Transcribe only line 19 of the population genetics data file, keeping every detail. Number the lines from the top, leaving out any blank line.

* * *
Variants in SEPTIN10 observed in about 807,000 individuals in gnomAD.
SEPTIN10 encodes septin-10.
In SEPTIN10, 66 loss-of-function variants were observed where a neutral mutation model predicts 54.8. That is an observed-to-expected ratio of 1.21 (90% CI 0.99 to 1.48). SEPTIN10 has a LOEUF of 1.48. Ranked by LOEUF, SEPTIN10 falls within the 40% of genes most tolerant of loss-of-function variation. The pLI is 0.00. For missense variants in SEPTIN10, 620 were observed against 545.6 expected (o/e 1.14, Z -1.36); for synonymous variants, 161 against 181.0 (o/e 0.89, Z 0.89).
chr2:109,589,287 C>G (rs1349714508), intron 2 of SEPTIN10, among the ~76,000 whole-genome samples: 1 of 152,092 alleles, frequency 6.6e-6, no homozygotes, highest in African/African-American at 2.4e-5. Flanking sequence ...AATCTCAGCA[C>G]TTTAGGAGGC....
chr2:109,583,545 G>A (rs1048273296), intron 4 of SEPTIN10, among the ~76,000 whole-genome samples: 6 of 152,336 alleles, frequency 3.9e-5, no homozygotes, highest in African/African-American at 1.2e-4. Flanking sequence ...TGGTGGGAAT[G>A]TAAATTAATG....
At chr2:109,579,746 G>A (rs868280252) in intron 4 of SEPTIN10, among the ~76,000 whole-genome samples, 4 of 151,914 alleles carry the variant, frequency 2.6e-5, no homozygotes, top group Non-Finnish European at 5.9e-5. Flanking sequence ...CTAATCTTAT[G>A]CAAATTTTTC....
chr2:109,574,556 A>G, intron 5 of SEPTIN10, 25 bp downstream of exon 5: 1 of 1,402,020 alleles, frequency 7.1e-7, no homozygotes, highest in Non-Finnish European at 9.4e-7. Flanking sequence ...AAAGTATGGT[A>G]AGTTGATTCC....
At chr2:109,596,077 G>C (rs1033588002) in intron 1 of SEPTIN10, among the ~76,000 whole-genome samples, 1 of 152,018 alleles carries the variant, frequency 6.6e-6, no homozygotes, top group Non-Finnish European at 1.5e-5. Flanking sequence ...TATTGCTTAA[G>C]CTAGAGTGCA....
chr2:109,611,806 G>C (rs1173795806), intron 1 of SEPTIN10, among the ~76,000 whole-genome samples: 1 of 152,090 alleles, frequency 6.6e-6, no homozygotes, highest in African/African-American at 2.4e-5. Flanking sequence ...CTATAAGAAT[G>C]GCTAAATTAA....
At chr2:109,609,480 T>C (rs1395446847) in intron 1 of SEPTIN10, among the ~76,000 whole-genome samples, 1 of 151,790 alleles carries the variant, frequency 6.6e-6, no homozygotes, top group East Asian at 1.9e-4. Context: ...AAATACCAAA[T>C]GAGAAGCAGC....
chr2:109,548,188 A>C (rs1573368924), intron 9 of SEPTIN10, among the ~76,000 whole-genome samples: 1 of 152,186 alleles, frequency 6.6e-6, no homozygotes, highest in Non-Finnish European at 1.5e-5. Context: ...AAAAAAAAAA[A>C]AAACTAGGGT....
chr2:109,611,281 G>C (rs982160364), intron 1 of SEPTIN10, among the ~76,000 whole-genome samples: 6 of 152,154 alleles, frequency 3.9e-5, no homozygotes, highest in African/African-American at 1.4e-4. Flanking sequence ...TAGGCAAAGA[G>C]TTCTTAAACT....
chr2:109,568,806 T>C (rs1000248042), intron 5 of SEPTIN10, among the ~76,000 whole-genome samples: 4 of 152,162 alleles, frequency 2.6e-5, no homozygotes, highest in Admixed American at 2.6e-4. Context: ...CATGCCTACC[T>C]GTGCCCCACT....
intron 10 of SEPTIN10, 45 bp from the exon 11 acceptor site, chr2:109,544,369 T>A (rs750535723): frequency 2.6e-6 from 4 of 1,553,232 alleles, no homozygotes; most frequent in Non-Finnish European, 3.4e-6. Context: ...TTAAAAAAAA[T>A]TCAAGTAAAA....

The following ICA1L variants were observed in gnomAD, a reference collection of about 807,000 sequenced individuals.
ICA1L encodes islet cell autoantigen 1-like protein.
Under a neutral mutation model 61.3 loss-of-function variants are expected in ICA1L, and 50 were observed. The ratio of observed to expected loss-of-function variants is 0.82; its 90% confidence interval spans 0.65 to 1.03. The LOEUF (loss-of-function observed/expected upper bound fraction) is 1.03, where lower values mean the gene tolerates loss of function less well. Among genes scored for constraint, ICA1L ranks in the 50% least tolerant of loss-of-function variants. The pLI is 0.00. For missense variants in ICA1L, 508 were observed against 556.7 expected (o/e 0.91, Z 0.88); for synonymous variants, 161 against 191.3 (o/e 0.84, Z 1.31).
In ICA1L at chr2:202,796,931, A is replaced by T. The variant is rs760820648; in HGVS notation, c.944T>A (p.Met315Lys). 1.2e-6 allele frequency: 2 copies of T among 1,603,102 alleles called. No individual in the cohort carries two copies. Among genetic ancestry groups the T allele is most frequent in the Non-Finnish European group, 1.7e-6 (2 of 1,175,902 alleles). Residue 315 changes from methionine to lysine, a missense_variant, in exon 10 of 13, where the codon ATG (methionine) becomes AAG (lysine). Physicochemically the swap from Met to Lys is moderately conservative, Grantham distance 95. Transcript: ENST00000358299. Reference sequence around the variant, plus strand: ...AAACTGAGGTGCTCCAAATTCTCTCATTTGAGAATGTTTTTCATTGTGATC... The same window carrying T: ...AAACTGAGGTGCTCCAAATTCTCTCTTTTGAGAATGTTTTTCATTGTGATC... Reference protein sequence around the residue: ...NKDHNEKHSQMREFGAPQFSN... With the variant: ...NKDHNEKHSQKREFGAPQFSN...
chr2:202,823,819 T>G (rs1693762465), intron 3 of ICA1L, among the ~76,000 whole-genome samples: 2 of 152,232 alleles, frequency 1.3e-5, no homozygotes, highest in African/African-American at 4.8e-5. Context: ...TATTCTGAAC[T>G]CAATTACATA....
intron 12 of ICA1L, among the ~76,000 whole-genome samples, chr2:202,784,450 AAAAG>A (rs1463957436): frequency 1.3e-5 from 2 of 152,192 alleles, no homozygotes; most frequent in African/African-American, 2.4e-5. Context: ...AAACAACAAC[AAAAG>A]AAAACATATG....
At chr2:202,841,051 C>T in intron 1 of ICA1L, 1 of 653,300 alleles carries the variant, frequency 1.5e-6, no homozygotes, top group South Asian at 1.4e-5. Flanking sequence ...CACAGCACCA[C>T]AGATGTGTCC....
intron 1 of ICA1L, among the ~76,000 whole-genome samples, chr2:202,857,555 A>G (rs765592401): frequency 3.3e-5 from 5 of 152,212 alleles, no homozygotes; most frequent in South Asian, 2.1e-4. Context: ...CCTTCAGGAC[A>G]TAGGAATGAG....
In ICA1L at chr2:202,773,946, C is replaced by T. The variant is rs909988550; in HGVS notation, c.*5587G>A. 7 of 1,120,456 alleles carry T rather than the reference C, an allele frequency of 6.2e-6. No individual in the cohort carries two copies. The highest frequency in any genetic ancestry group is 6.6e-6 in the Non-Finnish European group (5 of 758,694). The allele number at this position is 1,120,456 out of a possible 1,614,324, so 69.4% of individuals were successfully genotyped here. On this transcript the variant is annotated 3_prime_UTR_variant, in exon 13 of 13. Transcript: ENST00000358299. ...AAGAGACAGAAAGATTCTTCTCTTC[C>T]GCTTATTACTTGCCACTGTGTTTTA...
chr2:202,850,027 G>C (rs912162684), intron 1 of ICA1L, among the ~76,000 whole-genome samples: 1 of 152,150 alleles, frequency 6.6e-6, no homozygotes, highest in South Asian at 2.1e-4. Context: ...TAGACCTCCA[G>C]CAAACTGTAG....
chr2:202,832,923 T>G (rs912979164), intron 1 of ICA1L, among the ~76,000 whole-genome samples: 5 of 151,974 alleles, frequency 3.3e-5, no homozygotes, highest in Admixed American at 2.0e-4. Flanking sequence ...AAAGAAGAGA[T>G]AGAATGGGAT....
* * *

chr2:202,823,819 T>G (rs1693762465), intron 3 of ICA1L, among the ~76,000 whole-genome samples: 2 of 152,232 alleles, frequency 1.3e-5, no homozygotes, highest in African/African-American at 4.8e-5. Context: ...TATTCTGAAC[T>G]CAATTACATA....